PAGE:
Back in 2021, the Pentagon also announced that it would be making work that had been done on an “autonomy module” as part of a project called the Low-Cost Cruise Missile (LCCM) available to the Marine Corps for its LRUSV program.

Metal Shark has separately said in the past that the LRUSV is capable of “extended autonomous travel” and of being optionally crewed, as well as that it can be networked together with other USVs.

That the Marine Corps has planned to arm the LRUSVs with Hero-120s has been known for some time now. Israeli drone maker UVision announced that its Hero-120, together with its Multi-Canister Launcher (MCL), had been selected as the winning entry in the Marine Corps’ Organic Precision Fires-Mounted (OPF-M) competition. At that time, the stated plan was to install MCLs on existing Marine LAV-25-series 8×8 wheeled light armored vehicles and the service’s future LRUSVs.

A LAV-25-series 8×8 light armored vehicle fitted with the Multi-Canister Launcher. UVision

Hero-120s are also being made available to other Marine units in their man-portable configuration, which consists of one of the loitering munitions loaded inside a self-contained launch tube. One of these single-round launchers is also seen in the picture from Lt. Gen. Cavanaugh’s visit last month to Little Creek-Fort Story.

A man-portable launcher for the Hero-120, seen in front of the LRUSV during Lt. Gen. Cavanaugh’s visit to Joint Expeditionary Base Little Creek-Fort Story in April. USMC

The Marines are acquiring a service-specific version of the Hero-120, the Hero-120 OPF, and it remains unclear exactly how it might differ from the standard model. Uvision’s website currently says the Hero-120 has a maximum range of at least 37 miles (60 kilometers), a modest increase in performance in this regard over what the company has said in the past. It can stay airborne for around 60 minutes. The baseline Hero-120 also has a high-explosive warhead weighing around 10 pounds.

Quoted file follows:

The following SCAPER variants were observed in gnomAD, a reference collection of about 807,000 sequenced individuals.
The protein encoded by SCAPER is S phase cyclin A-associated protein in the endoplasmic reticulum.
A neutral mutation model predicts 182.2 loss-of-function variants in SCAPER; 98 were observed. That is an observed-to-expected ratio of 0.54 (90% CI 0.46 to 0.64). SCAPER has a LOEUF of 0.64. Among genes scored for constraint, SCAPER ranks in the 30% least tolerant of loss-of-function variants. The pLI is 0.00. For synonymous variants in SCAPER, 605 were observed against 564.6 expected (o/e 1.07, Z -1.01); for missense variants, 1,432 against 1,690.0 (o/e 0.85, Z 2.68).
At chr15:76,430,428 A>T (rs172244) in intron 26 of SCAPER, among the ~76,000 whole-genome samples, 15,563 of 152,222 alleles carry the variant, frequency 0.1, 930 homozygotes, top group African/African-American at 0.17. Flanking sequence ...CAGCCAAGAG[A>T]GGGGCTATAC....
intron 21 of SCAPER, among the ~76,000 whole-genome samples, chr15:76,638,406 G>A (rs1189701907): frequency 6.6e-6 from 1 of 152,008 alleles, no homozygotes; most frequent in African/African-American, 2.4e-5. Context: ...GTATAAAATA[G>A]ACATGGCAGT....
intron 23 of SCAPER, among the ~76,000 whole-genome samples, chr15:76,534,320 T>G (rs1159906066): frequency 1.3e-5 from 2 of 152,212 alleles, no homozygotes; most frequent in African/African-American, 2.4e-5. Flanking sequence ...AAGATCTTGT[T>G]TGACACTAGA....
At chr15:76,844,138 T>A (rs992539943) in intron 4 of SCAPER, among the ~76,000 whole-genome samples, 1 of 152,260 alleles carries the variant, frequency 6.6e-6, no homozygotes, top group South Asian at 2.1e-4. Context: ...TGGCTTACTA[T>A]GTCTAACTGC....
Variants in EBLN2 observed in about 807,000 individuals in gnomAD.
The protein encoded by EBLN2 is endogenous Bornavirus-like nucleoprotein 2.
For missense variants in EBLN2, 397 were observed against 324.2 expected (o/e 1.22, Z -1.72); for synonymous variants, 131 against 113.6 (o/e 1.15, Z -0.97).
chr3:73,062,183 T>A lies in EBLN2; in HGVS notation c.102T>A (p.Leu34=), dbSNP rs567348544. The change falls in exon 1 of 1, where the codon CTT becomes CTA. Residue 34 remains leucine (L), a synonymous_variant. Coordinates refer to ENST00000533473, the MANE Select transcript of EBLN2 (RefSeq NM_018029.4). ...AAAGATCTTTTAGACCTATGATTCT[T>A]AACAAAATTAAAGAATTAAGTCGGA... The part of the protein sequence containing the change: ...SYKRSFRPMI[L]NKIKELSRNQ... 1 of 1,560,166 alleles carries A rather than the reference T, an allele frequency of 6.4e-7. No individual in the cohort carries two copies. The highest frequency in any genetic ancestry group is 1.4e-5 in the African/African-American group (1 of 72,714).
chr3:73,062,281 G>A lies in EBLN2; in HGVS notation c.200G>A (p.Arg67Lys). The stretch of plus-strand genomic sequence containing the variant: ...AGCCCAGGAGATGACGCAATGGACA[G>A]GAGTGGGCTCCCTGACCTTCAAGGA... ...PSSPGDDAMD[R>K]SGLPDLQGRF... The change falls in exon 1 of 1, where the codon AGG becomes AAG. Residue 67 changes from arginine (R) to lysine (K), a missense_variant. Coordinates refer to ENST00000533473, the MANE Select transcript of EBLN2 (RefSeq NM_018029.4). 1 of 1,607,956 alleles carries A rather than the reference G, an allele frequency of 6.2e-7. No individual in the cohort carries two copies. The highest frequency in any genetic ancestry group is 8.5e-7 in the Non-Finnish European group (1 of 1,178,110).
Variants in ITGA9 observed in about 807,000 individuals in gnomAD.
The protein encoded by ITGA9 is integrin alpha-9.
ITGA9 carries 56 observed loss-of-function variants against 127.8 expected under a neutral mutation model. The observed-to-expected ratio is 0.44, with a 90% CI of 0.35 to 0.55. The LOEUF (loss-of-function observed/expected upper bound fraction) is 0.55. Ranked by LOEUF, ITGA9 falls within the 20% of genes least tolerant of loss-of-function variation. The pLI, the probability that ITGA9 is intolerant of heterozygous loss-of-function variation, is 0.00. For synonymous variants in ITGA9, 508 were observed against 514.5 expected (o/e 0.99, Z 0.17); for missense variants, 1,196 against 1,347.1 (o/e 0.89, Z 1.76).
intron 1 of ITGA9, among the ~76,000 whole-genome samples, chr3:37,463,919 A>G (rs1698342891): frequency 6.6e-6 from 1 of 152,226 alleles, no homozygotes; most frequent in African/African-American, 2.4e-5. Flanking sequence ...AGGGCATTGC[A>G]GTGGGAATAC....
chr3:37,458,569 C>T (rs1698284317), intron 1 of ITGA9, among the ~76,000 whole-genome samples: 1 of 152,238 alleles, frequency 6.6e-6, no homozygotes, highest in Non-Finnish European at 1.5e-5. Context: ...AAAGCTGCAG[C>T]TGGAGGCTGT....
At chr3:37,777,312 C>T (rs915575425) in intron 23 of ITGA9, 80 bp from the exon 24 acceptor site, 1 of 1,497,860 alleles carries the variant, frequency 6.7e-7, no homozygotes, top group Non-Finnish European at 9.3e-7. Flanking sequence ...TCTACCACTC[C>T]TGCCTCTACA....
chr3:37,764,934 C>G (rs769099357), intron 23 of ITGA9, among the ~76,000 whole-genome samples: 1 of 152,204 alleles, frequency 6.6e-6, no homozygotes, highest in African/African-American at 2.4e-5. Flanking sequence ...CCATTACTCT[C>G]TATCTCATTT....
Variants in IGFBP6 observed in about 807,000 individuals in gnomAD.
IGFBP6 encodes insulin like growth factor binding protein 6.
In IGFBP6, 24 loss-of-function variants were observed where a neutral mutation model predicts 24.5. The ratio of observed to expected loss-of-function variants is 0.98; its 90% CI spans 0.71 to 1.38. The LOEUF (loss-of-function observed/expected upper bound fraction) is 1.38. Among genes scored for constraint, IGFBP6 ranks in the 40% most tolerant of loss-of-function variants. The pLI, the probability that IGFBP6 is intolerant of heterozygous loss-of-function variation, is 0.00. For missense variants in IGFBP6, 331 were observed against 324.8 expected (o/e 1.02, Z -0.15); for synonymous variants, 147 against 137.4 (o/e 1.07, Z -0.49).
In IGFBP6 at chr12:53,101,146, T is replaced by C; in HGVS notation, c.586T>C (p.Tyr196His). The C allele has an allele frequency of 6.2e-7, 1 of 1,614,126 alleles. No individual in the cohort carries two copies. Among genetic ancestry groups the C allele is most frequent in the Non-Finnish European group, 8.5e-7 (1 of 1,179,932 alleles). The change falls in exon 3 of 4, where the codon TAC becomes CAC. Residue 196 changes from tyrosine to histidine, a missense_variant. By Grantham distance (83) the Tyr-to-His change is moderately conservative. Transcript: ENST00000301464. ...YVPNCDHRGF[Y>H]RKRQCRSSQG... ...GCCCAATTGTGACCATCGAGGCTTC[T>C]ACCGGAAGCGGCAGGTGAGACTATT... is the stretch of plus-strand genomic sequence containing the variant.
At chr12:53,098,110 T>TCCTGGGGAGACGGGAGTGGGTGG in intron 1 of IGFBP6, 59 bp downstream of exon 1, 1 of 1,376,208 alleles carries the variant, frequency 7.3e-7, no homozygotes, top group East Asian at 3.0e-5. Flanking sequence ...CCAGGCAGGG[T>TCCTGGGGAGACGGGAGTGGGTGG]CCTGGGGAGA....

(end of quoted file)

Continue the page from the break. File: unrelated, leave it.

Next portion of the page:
The Hero-120, like most other loitering munitions, is from more traditional missiles and drones in how it can be employed thanks to its electro-optical and infrared cameras and operator-in-the-loop control system. This control concept, partially pioneered by Israeli companies along with the very idea of loitering munitions, allows a human user to ‘see’ what the munition does throughout the entire flight and make fine course adjustments. This helps with positive target identification and improves accuracy. It also provides the option of ‘waving off’ the munition even very late in the terminal phase of an attack, if necessary, such as due to the sudden appearance of innocent bystanders in the area.

Hero-120’s sensor suite also means it has secondary surveillance and reconnaissance capabilities. They can be recovered and refurbished for reuse if they complete a mission without attacking a target.